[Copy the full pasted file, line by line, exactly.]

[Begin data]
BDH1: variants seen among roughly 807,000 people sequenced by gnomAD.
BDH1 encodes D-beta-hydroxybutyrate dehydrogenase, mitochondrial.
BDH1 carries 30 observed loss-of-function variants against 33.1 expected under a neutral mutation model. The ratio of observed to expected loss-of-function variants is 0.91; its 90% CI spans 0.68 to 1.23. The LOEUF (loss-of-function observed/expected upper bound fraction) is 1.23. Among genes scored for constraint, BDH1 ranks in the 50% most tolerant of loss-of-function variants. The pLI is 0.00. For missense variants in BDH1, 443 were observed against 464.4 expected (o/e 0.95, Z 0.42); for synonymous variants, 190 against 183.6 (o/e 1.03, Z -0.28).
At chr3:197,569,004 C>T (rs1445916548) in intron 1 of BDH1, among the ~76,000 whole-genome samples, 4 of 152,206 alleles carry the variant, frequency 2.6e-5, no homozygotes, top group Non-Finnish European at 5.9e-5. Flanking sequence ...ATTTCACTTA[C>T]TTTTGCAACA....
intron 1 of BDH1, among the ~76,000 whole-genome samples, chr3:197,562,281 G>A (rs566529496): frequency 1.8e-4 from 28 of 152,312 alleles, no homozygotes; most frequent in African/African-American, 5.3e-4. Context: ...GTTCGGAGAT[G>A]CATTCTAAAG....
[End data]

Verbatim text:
BDH1: variants seen among roughly 807,000 people sequenced by gnomAD.
BDH1 encodes D-beta-hydroxybutyrate dehydrogenase, mitochondrial.
BDH1 carries 30 observed loss-of-function variants against 33.1 expected under a neutral mutation model. The ratio of observed to expected loss-of-function variants is 0.91; its 90% CI spans 0.68 to 1.23. The LOEUF (loss-of-function observed/expected upper bound fraction) is 1.23. Among genes scored for constraint, BDH1 ranks in the 50% most tolerant of loss-of-function variants. The pLI is 0.00. For missense variants in BDH1, 443 were observed against 464.4 expected (o/e 0.95, Z 0.42); for synonymous variants, 190 against 183.6 (o/e 1.03, Z -0.28).
At chr3:197,569,004 C>T (rs1445916548) in intron 1 of BDH1, among the ~76,000 whole-genome samples, 4 of 152,206 alleles carry the variant, frequency 2.6e-5, no homozygotes, top group Non-Finnish European at 5.9e-5. Flanking sequence ...ATTTCACTTA[C>T]TTTTGCAACA....
intron 1 of BDH1, among the ~76,000 whole-genome samples, chr3:197,562,281 G>A (rs566529496): frequency 1.8e-4 from 28 of 152,312 alleles, no homozygotes; most frequent in African/African-American, 5.3e-4. Context: ...GTTCGGAGAT[G>A]CATTCTAAAG....